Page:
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Rise & Fall of The Washington Times: The Ex-Nazis, Cocaine Smugglers & Cultists Who Created a Right-Wing Propaganda Organ, And Brought It Crashing Down

For 28 years, the Washington Times has sent disinformation slithering through the U.S. political system, befouling our democracy. Those days might be over.

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On the Offensive

Moon’s organization also used the Washington Times and its political clout in the nation's capital to intimidate or discredit government officials and journalists who tried to investigate Moon-connected criminal activities.

In the mid-1980s, for instance , when journalists and congressional investigators began probing the evidence of contra-drug trafficking, they came under attack from the Times.

An Associated Press story that I co-wrote with Brian Barger about a Miami-based federal probe into gun- and drug-running by the contras was denigrated in an April 11, 1986, front-page Washington Times article with the headline: “Story on [contra] drug smuggling denounced as political ploy.”
 
When Sen. John Kerry, D-Massachusetts, conducted a Senate probe and uncovered additional evidence of contra-drug trafficking, the Washington Times denounced him, too. The newspaper first published articles depicting Kerry’s probe as a wasteful political witch hunt.

“Kerry’s anti-contra efforts extensive, expensive, in vain,” announced the headline of one Times article on Aug. 13, 1986.

But when Kerry exposed more contra wrongdoing, the Washington Times shifted tactics. In 1987 in front-page articles, it began accusing Kerry’s staff of obstructing justice because their investigation was supposedly interfering with Reagan administration efforts to get at the truth.

“Kerry staffers damaged FBI probe,” said a Jan. 21, 1987, Times article that opened with the assertion: “Congressional investigators for Sen. John Kerry severely damaged a federal drug investigation last summer by interfering with a witness while pursuing allegations of drug smuggling by the Nicaraguan resistance, federal law enforcement officials said.”

Despite the attacks, Kerry’s contra-drug investigation eventually concluded that a number of contra units – both in Costa Rica and Honduras – were implicated in the cocaine trade.

“It is clear that individuals who provided support for the contras were involved in drug trafficking, the supply network of the contras was used by drug trafficking organizations, and elements of the contras themselves knowingly received financial and material assistance from drug traffickers,” Kerry’s investigation stated in a report issued April 13, 1989.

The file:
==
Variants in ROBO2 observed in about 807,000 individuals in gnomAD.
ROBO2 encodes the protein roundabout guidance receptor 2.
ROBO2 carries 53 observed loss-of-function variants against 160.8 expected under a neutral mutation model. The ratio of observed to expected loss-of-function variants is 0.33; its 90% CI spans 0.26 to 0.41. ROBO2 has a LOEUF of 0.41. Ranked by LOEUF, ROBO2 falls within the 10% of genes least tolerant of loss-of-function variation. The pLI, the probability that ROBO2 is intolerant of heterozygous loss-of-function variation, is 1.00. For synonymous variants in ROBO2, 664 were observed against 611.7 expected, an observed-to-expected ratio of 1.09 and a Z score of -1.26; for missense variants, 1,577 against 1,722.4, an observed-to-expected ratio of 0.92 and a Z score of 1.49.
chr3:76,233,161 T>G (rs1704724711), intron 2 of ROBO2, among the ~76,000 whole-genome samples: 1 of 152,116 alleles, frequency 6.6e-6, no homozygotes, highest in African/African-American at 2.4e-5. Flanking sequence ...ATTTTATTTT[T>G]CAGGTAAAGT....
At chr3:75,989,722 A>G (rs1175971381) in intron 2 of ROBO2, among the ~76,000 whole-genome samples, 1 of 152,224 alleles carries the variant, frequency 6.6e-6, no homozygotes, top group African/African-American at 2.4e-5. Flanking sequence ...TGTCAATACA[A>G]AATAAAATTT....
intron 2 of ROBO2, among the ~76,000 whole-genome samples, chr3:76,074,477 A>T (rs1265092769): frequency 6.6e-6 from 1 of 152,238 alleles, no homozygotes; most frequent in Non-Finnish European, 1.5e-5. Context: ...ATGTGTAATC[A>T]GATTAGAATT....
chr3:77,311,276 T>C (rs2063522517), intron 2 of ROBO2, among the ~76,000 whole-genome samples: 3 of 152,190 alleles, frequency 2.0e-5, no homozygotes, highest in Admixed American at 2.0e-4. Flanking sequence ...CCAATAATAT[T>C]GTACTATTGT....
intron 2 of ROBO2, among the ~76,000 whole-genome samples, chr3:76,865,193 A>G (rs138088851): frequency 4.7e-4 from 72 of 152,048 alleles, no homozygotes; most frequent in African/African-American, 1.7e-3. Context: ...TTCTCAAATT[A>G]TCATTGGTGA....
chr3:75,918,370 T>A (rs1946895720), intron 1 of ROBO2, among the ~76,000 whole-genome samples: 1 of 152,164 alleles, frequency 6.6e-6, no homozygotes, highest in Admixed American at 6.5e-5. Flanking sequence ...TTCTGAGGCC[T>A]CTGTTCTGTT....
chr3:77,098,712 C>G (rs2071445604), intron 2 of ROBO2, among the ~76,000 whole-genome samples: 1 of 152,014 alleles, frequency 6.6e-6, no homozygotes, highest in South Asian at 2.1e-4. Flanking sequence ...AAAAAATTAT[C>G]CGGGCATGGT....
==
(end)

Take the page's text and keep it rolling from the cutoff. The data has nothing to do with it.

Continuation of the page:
“In each case, one or another agency of the U.S. government had information regarding the involvement either while it was occurring or immediately thereafter.”

Kerry’s investigation also found that Honduras had become an important way station for cocaine shipments heading north during the contra war.
“Elements of the Honduran military were involved ... in the protection of drug traffickers from 1980 on,” the report said. “These activities were reported to appropriate U.S. government officials throughout the period.

“Instead of moving decisively to close down the drug trafficking by stepping up the DEA presence in the country and using the foreign assistance the United States was extending to the Hondurans as a lever, the United States closed the DEA office in Tegucigalpa and appears to have ignored the issue.”

The Kerry investigation represented an indirect challenge to Vice President George H.W. Bush, who had been named by President Reagan to head the South Florida Task Force for interdicting the flow of drugs into the United States and was later put in charge of the National Narcotics Border Interdiction System.

In short, Vice President Bush was the lead official in the U.S. government to cope with the drug trade, which he himself had dubbed a national security threat.

If the American voters came to believe that Bush had compromised his anti-drug responsibilities to protect the image of the Nicaraguan contras and other rightists in Central America, that judgment could have threatened the political future of Bush and his politically ambitious family.

By publicly challenging press and congressional investigations of this touchy subject, the Washington Times helped keep an unfavorable media spotlight from swinging in the direction of the Vice President – and bought some cover for Moon’s drug-connected right-wing allies, too.

 
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